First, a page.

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The Uncanny Island
June 22, 2008 7:22 PM   Subscribe

"I began to realize that "robots"-- in all their various forms-- can really be seen as a symbol of a larger relationship between people and technology." In 1988, Frederick Schodt wrote about the Japanese fascination and use of robots in his book Inside the Robot Kingdom, curious by the disparities between American and Japanese manufacturing processes . In 1988, the American public wasn't ready for the book, or for robots. Today, Japan still has embraced robotic automation in a way that arguably no other country has. For more similar topics, Mangobot is a column that reports on Asian futurism.
posted by artifarce (22 comments total) 8 users marked this as a favorite

 
Remember the home robot fad of the 80's and 90's? You'd look in the back of the Sear's catalog (where they would keep the reeeally expensive items) and there were a couple of models, that promised to serve drinks and do other things. I never got the robot, so I was never subject to the disappointment.

I would be more rah rah about Japanese robotics if they were useful, and if they quit trying to use the human form for tasks it isn't suited for. We have robotic receptionists too, they just look like boxes, because you don't need hands to record things into a computer.

From the USA Today article:

One of the only commercially successful consumer robots so far is made by an American company, iRobot Corp. The Roomba vacuum cleaner robot is self-propelled and can clean rooms without supervision.

The roomba looks like a disc, not a android. Legs could only get in the way. See also: Gundam. I'm all for automation in the home. Have a machine that could sort, wash, dry, and fold my clothes, sans interaction, and you have my interest. Granted, differentiating between shirts, pants, and underwear requires a level of cognizance not found in home robotics, or me to RFID tag my clothes. And it would need several arms, no legs, and eyes in odd places.

Humanoid robots are the Japanese equivalent to the Space Shuttle; products that sacrifice technology for the sake of cultural baggage.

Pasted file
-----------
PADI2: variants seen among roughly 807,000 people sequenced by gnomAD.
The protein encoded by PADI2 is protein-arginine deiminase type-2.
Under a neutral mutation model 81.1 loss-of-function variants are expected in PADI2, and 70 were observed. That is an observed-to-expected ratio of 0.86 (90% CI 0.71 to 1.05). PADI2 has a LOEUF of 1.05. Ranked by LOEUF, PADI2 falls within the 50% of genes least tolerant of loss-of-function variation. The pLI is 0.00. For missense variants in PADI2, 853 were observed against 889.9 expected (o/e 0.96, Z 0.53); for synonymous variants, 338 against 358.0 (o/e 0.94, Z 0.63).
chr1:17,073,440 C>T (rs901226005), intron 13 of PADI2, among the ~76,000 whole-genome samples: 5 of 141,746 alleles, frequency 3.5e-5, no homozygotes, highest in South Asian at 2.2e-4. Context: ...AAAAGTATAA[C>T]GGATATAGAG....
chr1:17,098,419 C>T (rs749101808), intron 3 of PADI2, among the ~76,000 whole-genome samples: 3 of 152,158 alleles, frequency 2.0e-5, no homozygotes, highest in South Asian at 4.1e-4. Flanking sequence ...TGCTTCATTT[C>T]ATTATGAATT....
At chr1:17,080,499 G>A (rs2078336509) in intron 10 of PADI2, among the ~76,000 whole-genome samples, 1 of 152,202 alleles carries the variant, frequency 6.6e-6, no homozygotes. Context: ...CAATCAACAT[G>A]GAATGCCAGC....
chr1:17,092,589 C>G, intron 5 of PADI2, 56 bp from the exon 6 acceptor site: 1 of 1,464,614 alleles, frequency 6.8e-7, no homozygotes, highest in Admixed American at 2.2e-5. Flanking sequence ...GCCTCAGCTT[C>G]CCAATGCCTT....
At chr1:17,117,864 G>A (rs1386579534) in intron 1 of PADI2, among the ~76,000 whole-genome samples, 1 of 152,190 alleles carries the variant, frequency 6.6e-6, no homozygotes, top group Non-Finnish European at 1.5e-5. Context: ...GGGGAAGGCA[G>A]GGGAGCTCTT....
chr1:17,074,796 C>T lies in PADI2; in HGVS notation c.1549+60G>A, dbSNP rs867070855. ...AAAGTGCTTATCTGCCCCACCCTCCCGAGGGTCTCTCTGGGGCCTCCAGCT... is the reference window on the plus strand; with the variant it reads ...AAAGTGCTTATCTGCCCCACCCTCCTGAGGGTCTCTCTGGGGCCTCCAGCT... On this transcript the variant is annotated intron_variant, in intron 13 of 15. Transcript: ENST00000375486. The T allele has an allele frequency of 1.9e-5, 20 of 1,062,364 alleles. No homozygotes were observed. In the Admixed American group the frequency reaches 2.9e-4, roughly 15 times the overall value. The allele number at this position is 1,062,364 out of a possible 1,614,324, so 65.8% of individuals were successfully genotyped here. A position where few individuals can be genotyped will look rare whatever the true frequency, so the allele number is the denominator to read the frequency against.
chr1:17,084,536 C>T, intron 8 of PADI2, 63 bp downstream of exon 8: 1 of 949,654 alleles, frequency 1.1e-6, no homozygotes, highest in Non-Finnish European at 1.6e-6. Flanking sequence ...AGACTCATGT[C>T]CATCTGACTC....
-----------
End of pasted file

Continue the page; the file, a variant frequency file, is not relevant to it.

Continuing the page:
posted by zabuni at 7:57 PM on June 22, 2008 [1 favorite]


A single robot can replace about 10 employees, the roadmap assumes — meaning Japan's future million-robot army of workers could take the place of 10 million humans. That's about 15% of the current workforce.

Roboticising the workforce might make robot production a lot cheaper, but I don't think someone who just lost their job to a robot is going to be very excited about buying one.
posted by Citizen Premier at 8:13 PM on June 22, 2008


Nice post; it reminds me of a recent conversation I had:

So I teach English in Japan, and one day while eating lunch with one of my classes, the Japanese homeroom teacher asks me (out of the blue), "How do Americans think about robots?" To which, I pondered just long enough to speak on behalf of my entire country and replied, "I don't know, I guess we think of them as really smart toasters."

I expanded what I meant a bit, but then he started telling me how in Japan they think of robots as living creatures that have souls and feelings. He claims that this has been reinforced since the early robot mangas like Astroboy and Giant Robo, as well as today in the detailed humanoid designs of the new robots being designed here.

It left me thinking for a while too, because even though the effects of this cultural difference are obvious when you look at Japanese robot designs, I had never really though about the underlying difference itself or why the difference exists.

Also, in relation to zabuni's comment: yeah, this can be a crutch in the functionality, but I think the Japanese designers feel that the relationship between the human/robot is equally important as the functionality.
posted by p3t3 at 8:20 PM on June 22, 2008 [1 favorite]


One thought, one quote:
1) There is a non-fringe concern that the prevalence of robots, automated services, vending machines, etc., is one of the big enablers of social isolation here. And if you look at some of the robots (e.g. the receptionists, the ones to keep old people company), you can see this opportunity. Whether its intentional avoidance or simple convenience, you quickly reduce the number of interactions you have in a day.

2) "A human being may be faster, but you'd have to say 'Thank you.'"
-- University of Tokyo professor Tomomasa Sato

(I say this as someone who lives in Japan and doesn't have a problem with day-to-day life here. I'm not (usually) anti-social, but on a given weekday I often interact with only three people, and could easily bring that to one if it were my choosing. Weird, huh?)
posted by whatzit at 8:21 PM on June 22, 2008


It's worth checking out robots-dreams.com. It's an english-language blog which does a very good job at covering what hobbyists are up to, along with other robot news.
posted by sebastienbailard at 8:45 PM on June 22, 2008


I'm all for robotics. I don't think I can really, with a good conscience, expect other people to do things I wouldn't want to have to do. However, someone or something has to do those jobs. Hence robotics, so nobody has to waste their lives doing janitorial work or whatnot unless they actually want to.
posted by Mitrovarr at 9:16 PM on June 22, 2008


zabuni: